Eric StewartOur Stories - People
“A gentle man and a scholar” is how Eric Stewart is remembered by those who knew him. His name came to our attention recently in two separate instances. First, as our treasurer has been reorganizing the book-keeping, he came across the Eric G. Stewart Fund — more on that later. Second, Eric was a founding member of this organization. As we’re celebrating our 30th Anniversary in 2019, our president/historian found list of charter members and we are planning to feature some of them in our communications this year.
Born May 30, 1914 in Lewisburg, Pennsylvania, Eric graduated from Bucknell University in Lewisburg in 1936. He won a fellowship with the Nation Institute of Public Affairs in Washington, DC. which led to a 34-year career in various departments of the federal government including the General Accounting Office, War Department, Federal Communications Commission, Bureau of the Budget, and Department of State. During WWII, he served as a management engineer in the Navy.
Upon retiring in 1973, Eric returned to Lewisburg where he served on the boards of the county historical society and three historical museums.
Eric and his wife Thalia moved to Forest Grove in 1982, where Eric served as photographer for the Washington County Museum, as well as the FG Historic Landmarks Board, Friends of Old College Hall at Pacific University, and as president of FHFG where he was a charter member.
In the approximately 12 years he spent in Oregon, Eric amassed a collection of thousands of photos, extensive biographical data on area residents, obituary and cemetery records, numerous title abstracts, maps and newspaper references. He wrote articles and gave presentations on local historical topics to “standing-room-only” crowds.
Former FHFG president Megan Havens recalls, “I first met Eric when I was trying to find information on a Signature Quilt that turned up at the Methodist Church during a garage sale. He cheerfully helped me learn how to research Forest Grove history by making suggestions, but letting me do the work. I came to respect him and his work. His insights into how local history and local historians work were delightful and respectful. Eric and Thalia were two of my favorite people in Forest Grove.”
Eric Stewart Fund
Upon his death in December 1995, the News-Times obituary cites, “Remembrances may be sent to Mr. Stewart’s favorite organization, The Friends of Historic Forest Grove…” This was the beginning of the Eric Stewart Fund, to help preserve and maintain his collection. The collection was eventually donated to the FG City Library and is now housed in the Eric Stewart History Room which was dedicated in 2003. With the donated funds, FHFG had a table made by FG artisan Greg Kriebel out of local oak.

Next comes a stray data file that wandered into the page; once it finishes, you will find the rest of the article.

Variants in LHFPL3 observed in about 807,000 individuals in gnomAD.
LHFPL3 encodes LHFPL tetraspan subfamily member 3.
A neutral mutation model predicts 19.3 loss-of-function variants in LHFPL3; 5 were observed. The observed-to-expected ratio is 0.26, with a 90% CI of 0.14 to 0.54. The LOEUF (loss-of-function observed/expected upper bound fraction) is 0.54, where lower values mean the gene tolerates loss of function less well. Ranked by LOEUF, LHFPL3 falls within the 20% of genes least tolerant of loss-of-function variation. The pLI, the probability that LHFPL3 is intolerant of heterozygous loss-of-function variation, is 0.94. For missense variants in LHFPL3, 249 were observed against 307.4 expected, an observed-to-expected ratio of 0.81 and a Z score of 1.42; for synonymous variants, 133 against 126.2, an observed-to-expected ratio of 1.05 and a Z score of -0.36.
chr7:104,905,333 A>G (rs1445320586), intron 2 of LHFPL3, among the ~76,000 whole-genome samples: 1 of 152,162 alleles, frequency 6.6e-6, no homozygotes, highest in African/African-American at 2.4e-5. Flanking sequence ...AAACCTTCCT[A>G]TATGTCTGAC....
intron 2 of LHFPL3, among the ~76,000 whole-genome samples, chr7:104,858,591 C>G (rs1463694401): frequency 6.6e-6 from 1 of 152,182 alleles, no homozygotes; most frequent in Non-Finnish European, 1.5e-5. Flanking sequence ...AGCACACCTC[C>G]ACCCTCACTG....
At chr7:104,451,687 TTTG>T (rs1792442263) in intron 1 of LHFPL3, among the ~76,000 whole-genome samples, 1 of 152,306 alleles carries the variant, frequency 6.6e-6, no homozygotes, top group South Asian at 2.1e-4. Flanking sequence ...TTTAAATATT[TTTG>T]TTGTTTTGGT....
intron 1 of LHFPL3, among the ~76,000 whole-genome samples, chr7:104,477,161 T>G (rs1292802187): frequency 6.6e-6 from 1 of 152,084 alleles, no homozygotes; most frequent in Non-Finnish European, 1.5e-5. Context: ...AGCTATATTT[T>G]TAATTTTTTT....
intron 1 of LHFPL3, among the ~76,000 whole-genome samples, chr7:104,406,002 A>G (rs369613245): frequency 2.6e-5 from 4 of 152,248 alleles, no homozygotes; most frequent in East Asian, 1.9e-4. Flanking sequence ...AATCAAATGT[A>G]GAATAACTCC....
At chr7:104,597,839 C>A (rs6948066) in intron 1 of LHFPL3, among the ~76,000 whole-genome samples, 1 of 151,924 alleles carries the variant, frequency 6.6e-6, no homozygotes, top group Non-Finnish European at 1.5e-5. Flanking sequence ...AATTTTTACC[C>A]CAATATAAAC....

Since the “care and keeping” of the Eric Stewart collection is not in the purview of FHFG, FHFG recently transferred $3479, the remainder of the fund, to Friends of the FG Library for management.
Eric G. Stewart Award
In May 1996, to commemorate Historic Preservation Week in Forest Grove, the Historic Landmarks Board, in conjunction with the City of Forest Grove, established the Eric G. Stewart Award to honor individuals who have shown outstanding achievement in historic preservation in Forest Grove. The first recipient was the late Eric Stewart. The Spring 1996 HLB newsletter cites, “No one better exemplifies the intent behind thc award than he. Eric devoted years of effort in researching and collecting old photographs, land deeds, and cemetery records. Anyone who ever went to one of his slide shows always came away with a renewed interest in historic Forest Grove. Eric was a gift to our town.”
FHFG received award in May 1999 for “researching, documenting and preserving the historic landmarks and cultural heritage of the City of Forest Grove.” Two other Steart award certificates hang in the OTS office … awarded to the Committee to Preserve the Alvin T Smith Property in 2004 and the AT Smith Property in 2010.
Eric raised the awareness and interest in local history in Washington County and enhanced the climate for preservation activities. Joan Smith, who was Executive Director of Washington County Museum at the time, commented, “Everyone who cares about and works to preserve our heritage here is indebted to Eric Stewart.” A fitting tribute.
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